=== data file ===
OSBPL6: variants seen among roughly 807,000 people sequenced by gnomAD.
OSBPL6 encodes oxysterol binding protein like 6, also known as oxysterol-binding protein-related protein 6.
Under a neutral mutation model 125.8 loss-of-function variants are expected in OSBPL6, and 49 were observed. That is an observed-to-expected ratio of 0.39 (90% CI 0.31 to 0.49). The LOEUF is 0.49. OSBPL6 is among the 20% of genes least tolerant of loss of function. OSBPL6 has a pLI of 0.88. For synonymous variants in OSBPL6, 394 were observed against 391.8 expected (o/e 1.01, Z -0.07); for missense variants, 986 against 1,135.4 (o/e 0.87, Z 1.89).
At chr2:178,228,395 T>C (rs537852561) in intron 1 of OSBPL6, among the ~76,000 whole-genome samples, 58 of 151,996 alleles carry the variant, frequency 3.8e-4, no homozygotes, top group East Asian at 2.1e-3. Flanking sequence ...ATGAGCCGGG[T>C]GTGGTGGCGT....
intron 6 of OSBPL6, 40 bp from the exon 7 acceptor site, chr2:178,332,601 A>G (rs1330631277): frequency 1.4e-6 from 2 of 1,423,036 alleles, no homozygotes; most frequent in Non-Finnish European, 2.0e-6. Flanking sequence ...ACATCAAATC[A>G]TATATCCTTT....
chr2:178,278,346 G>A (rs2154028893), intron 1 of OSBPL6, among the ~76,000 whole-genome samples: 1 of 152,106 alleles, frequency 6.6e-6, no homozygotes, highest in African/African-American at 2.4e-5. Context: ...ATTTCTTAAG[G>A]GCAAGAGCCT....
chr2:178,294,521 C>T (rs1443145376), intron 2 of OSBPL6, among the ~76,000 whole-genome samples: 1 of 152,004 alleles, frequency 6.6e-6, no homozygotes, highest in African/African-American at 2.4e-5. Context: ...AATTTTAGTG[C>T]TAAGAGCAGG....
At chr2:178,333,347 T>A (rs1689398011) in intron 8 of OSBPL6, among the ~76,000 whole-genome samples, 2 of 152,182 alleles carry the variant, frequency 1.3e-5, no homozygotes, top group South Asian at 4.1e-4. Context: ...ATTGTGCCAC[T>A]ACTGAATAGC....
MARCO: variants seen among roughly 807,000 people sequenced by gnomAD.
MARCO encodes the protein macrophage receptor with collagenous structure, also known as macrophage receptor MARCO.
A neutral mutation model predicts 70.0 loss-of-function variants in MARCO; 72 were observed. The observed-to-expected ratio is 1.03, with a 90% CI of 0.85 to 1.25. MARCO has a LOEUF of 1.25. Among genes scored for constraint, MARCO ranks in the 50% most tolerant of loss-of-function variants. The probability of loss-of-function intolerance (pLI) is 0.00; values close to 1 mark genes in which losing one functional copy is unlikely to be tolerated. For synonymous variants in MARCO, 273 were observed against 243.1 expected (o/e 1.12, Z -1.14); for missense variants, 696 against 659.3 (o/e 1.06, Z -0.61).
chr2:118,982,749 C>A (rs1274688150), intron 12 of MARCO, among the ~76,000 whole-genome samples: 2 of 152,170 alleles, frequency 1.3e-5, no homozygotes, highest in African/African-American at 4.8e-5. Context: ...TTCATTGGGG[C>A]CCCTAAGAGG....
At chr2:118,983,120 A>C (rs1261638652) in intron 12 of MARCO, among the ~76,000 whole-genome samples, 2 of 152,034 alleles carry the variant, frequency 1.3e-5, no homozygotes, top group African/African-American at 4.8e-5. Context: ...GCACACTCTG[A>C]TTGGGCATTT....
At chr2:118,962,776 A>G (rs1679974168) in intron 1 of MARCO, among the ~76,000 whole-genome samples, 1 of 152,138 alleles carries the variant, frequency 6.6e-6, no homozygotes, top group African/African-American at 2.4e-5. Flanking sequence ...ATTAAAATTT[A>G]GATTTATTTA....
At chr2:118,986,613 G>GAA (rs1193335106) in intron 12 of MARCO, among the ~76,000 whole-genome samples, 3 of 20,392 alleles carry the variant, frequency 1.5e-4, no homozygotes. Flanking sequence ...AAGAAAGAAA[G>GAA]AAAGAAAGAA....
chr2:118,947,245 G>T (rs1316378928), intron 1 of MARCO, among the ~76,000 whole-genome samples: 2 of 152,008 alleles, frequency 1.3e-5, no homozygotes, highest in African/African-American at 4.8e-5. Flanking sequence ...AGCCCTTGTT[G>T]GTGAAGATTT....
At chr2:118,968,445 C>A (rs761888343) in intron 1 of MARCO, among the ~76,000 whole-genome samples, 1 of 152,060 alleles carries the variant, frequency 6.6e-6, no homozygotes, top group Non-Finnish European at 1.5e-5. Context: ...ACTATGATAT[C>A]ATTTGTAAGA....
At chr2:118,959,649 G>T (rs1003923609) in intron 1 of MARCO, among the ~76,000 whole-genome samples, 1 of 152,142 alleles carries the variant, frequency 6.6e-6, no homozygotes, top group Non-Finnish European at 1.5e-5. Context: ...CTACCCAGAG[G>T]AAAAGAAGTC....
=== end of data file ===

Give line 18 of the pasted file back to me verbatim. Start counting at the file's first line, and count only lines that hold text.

At chr2:118,959,649 G>T (rs1003923609) in intron 1 of MARCO, among the ~76,000 whole-genome samples, 1 of 152,142 alleles carries the variant, frequency 6.6e-6, no homozygotes, top group Non-Finnish European at 1.5e-5. Context: ...CTACCCAGAG[G>T]AAAAGAAGTC....